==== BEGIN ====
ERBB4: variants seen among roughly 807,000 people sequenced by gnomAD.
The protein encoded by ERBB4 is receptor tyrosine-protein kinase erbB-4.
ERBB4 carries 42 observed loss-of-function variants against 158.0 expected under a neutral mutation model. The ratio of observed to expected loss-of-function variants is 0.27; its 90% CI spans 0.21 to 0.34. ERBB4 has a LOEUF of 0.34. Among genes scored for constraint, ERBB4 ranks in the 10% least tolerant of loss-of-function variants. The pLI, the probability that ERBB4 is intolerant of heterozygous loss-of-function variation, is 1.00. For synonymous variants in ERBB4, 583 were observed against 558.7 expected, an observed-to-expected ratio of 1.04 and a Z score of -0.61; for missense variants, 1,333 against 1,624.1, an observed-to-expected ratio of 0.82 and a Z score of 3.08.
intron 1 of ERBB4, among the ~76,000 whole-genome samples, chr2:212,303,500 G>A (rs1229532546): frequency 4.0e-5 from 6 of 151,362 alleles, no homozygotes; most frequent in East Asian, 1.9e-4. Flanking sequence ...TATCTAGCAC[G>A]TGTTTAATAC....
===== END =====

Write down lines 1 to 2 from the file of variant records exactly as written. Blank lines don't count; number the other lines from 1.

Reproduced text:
ERBB4: variants seen among roughly 807,000 people sequenced by gnomAD.
The protein encoded by ERBB4 is receptor tyrosine-protein kinase erbB-4.